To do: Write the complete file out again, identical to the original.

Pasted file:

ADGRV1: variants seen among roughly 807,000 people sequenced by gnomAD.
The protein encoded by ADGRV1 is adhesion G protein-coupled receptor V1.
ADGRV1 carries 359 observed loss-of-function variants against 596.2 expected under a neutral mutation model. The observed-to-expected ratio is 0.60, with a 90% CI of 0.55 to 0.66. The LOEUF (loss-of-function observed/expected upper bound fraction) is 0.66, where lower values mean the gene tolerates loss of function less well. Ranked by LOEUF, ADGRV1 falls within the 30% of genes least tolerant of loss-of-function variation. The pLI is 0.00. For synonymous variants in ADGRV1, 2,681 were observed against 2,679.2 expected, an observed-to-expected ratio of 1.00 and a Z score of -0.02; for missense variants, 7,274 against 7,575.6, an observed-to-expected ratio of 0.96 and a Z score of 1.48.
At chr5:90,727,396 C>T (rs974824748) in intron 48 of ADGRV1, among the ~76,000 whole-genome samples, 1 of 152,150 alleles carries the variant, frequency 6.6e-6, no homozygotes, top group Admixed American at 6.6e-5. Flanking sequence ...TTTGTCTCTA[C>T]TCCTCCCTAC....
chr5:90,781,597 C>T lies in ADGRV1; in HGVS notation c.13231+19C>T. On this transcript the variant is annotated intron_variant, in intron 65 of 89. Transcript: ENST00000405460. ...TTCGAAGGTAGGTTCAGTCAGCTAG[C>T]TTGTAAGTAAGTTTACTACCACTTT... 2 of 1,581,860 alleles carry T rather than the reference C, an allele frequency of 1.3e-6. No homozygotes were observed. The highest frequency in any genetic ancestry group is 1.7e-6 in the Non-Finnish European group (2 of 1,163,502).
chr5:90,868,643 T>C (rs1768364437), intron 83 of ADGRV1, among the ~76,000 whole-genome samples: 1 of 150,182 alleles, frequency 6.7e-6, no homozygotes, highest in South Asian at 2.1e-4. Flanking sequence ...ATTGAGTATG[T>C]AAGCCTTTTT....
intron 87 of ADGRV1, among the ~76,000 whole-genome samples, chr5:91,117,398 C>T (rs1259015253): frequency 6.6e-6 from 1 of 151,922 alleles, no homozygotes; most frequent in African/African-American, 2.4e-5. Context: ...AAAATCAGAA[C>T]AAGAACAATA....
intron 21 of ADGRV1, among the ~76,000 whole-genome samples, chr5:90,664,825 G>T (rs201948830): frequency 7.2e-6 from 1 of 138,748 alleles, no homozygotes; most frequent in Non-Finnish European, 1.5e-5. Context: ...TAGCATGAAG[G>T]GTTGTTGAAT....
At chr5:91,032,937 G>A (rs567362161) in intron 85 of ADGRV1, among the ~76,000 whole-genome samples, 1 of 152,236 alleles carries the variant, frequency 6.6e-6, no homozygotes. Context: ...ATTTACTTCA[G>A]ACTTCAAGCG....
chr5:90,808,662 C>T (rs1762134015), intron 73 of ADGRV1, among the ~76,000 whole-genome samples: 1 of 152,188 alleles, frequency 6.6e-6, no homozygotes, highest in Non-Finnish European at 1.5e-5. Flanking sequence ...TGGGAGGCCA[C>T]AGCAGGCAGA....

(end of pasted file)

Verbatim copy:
ADGRV1: variants seen among roughly 807,000 people sequenced by gnomAD.
The protein encoded by ADGRV1 is adhesion G protein-coupled receptor V1.
ADGRV1 carries 359 observed loss-of-function variants against 596.2 expected under a neutral mutation model. The observed-to-expected ratio is 0.60, with a 90% CI of 0.55 to 0.66. The LOEUF (loss-of-function observed/expected upper bound fraction) is 0.66, where lower values mean the gene tolerates loss of function less well. Ranked by LOEUF, ADGRV1 falls within the 30% of genes least tolerant of loss-of-function variation. The pLI is 0.00. For synonymous variants in ADGRV1, 2,681 were observed against 2,679.2 expected, an observed-to-expected ratio of 1.00 and a Z score of -0.02; for missense variants, 7,274 against 7,575.6, an observed-to-expected ratio of 0.96 and a Z score of 1.48.
At chr5:90,727,396 C>T (rs974824748) in intron 48 of ADGRV1, among the ~76,000 whole-genome samples, 1 of 152,150 alleles carries the variant, frequency 6.6e-6, no homozygotes, top group Admixed American at 6.6e-5. Flanking sequence ...TTTGTCTCTA[C>T]TCCTCCCTAC....
chr5:90,781,597 C>T lies in ADGRV1; in HGVS notation c.13231+19C>T. On this transcript the variant is annotated intron_variant, in intron 65 of 89. Transcript: ENST00000405460. ...TTCGAAGGTAGGTTCAGTCAGCTAG[C>T]TTGTAAGTAAGTTTACTACCACTTT... 2 of 1,581,860 alleles carry T rather than the reference C, an allele frequency of 1.3e-6. No homozygotes were observed. The highest frequency in any genetic ancestry group is 1.7e-6 in the Non-Finnish European group (2 of 1,163,502).
chr5:90,868,643 T>C (rs1768364437), intron 83 of ADGRV1, among the ~76,000 whole-genome samples: 1 of 150,182 alleles, frequency 6.7e-6, no homozygotes, highest in South Asian at 2.1e-4. Flanking sequence ...ATTGAGTATG[T>C]AAGCCTTTTT....
intron 87 of ADGRV1, among the ~76,000 whole-genome samples, chr5:91,117,398 C>T (rs1259015253): frequency 6.6e-6 from 1 of 151,922 alleles, no homozygotes; most frequent in African/African-American, 2.4e-5. Context: ...AAAATCAGAA[C>T]AAGAACAATA....
intron 21 of ADGRV1, among the ~76,000 whole-genome samples, chr5:90,664,825 G>T (rs201948830): frequency 7.2e-6 from 1 of 138,748 alleles, no homozygotes; most frequent in Non-Finnish European, 1.5e-5. Context: ...TAGCATGAAG[G>T]GTTGTTGAAT....
At chr5:91,032,937 G>A (rs567362161) in intron 85 of ADGRV1, among the ~76,000 whole-genome samples, 1 of 152,236 alleles carries the variant, frequency 6.6e-6, no homozygotes. Context: ...ATTTACTTCA[G>A]ACTTCAAGCG....
chr5:90,808,662 C>T (rs1762134015), intron 73 of ADGRV1, among the ~76,000 whole-genome samples: 1 of 152,188 alleles, frequency 6.6e-6, no homozygotes, highest in Non-Finnish European at 1.5e-5. Flanking sequence ...TGGGAGGCCA[C>T]AGCAGGCAGA....